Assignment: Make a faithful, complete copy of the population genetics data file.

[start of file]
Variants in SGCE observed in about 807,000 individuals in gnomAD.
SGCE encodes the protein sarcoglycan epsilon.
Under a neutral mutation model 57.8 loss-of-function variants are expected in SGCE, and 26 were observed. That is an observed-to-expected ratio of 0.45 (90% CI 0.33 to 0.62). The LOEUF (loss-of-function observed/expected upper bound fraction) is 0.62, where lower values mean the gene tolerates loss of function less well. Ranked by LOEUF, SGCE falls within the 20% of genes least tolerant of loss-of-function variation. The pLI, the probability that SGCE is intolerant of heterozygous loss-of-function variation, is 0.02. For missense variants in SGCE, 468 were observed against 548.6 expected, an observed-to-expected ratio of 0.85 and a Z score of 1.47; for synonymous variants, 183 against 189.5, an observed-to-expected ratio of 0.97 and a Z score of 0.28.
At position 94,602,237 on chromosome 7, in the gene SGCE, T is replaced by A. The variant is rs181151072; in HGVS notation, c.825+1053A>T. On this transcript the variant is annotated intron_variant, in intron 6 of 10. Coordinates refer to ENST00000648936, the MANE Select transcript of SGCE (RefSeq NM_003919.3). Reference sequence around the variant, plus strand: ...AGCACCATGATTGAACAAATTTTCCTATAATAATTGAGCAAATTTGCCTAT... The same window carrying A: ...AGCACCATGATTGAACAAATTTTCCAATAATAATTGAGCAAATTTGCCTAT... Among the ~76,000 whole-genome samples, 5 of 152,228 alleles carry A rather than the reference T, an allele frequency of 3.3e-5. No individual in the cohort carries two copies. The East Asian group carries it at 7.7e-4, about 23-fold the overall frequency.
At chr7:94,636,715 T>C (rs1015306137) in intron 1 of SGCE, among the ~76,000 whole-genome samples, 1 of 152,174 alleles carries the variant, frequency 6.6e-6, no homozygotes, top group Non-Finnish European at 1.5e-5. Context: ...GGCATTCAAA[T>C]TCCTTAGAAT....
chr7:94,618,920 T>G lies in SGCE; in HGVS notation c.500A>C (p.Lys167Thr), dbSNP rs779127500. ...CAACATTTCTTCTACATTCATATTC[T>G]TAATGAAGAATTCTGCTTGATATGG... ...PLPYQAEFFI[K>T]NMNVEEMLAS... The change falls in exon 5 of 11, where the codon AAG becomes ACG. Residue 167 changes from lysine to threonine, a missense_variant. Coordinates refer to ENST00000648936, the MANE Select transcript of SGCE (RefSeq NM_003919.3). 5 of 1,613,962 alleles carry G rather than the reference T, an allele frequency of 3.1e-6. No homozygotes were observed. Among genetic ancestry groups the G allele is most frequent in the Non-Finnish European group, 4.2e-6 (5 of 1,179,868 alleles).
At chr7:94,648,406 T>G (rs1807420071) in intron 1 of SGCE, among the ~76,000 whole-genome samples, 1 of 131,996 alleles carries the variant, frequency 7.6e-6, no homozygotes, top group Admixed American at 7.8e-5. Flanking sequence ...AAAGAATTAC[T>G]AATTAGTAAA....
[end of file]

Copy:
Variants in SGCE observed in about 807,000 individuals in gnomAD.
SGCE encodes the protein sarcoglycan epsilon.
Under a neutral mutation model 57.8 loss-of-function variants are expected in SGCE, and 26 were observed. That is an observed-to-expected ratio of 0.45 (90% CI 0.33 to 0.62). The LOEUF (loss-of-function observed/expected upper bound fraction) is 0.62, where lower values mean the gene tolerates loss of function less well. Ranked by LOEUF, SGCE falls within the 20% of genes least tolerant of loss-of-function variation. The pLI, the probability that SGCE is intolerant of heterozygous loss-of-function variation, is 0.02. For missense variants in SGCE, 468 were observed against 548.6 expected, an observed-to-expected ratio of 0.85 and a Z score of 1.47; for synonymous variants, 183 against 189.5, an observed-to-expected ratio of 0.97 and a Z score of 0.28.
At position 94,602,237 on chromosome 7, in the gene SGCE, T is replaced by A. The variant is rs181151072; in HGVS notation, c.825+1053A>T. On this transcript the variant is annotated intron_variant, in intron 6 of 10. Coordinates refer to ENST00000648936, the MANE Select transcript of SGCE (RefSeq NM_003919.3). Reference sequence around the variant, plus strand: ...AGCACCATGATTGAACAAATTTTCCTATAATAATTGAGCAAATTTGCCTAT... The same window carrying A: ...AGCACCATGATTGAACAAATTTTCCAATAATAATTGAGCAAATTTGCCTAT... Among the ~76,000 whole-genome samples, 5 of 152,228 alleles carry A rather than the reference T, an allele frequency of 3.3e-5. No individual in the cohort carries two copies. The East Asian group carries it at 7.7e-4, about 23-fold the overall frequency.
At chr7:94,636,715 T>C (rs1015306137) in intron 1 of SGCE, among the ~76,000 whole-genome samples, 1 of 152,174 alleles carries the variant, frequency 6.6e-6, no homozygotes, top group Non-Finnish European at 1.5e-5. Context: ...GGCATTCAAA[T>C]TCCTTAGAAT....
chr7:94,618,920 T>G lies in SGCE; in HGVS notation c.500A>C (p.Lys167Thr), dbSNP rs779127500. ...CAACATTTCTTCTACATTCATATTC[T>G]TAATGAAGAATTCTGCTTGATATGG... ...PLPYQAEFFI[K>T]NMNVEEMLAS... The change falls in exon 5 of 11, where the codon AAG becomes ACG. Residue 167 changes from lysine to threonine, a missense_variant. Coordinates refer to ENST00000648936, the MANE Select transcript of SGCE (RefSeq NM_003919.3). 5 of 1,613,962 alleles carry G rather than the reference T, an allele frequency of 3.1e-6. No homozygotes were observed. Among genetic ancestry groups the G allele is most frequent in the Non-Finnish European group, 4.2e-6 (5 of 1,179,868 alleles).
At chr7:94,648,406 T>G (rs1807420071) in intron 1 of SGCE, among the ~76,000 whole-genome samples, 1 of 131,996 alleles carries the variant, frequency 7.6e-6, no homozygotes, top group Admixed American at 7.8e-5. Flanking sequence ...AAAGAATTAC[T>G]AATTAGTAAA....